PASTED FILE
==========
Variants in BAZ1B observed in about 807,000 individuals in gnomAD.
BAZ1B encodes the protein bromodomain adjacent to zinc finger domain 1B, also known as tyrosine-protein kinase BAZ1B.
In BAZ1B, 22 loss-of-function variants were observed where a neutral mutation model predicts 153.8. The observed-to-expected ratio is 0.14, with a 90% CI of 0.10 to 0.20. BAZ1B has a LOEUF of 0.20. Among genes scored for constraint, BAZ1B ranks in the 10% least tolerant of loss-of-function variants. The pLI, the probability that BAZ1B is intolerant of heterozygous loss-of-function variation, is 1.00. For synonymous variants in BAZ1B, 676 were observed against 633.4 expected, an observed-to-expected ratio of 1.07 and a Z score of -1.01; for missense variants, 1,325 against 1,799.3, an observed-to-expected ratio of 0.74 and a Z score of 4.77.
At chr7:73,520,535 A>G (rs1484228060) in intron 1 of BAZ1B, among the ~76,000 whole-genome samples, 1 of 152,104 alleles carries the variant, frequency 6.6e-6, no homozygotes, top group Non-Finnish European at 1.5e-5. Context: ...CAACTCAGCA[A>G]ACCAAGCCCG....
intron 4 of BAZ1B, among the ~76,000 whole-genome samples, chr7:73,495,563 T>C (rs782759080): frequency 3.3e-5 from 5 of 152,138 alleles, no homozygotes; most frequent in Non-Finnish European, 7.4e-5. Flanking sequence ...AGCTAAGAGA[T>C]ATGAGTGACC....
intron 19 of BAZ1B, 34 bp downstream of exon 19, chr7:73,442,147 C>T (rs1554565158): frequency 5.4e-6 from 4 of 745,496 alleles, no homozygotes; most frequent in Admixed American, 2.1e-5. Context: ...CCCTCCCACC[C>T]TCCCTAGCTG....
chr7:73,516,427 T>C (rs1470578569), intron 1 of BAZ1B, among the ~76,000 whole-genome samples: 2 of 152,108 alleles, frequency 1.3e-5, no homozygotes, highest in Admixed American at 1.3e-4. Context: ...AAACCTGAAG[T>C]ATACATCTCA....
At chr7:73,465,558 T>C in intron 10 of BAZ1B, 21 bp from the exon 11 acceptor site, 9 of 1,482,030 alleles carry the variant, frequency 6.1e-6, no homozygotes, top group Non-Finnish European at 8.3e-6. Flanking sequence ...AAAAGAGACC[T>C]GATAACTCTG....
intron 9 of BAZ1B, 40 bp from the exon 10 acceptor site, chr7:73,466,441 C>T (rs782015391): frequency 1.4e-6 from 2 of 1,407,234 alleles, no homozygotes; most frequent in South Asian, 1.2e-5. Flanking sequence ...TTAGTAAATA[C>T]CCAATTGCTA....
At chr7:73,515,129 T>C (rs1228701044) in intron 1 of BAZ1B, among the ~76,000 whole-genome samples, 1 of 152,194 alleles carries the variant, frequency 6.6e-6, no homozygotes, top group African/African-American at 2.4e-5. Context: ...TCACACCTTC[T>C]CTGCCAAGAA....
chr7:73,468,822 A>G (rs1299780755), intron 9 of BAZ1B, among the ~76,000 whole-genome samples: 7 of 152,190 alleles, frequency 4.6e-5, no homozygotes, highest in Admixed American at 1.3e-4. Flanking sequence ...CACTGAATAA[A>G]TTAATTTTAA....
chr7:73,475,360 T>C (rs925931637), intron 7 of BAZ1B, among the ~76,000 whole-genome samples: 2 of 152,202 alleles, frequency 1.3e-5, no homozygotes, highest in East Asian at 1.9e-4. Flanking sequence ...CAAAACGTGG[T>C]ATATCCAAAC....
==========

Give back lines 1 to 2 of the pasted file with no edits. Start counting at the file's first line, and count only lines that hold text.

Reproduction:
Variants in BAZ1B observed in about 807,000 individuals in gnomAD.
BAZ1B encodes the protein bromodomain adjacent to zinc finger domain 1B, also known as tyrosine-protein kinase BAZ1B.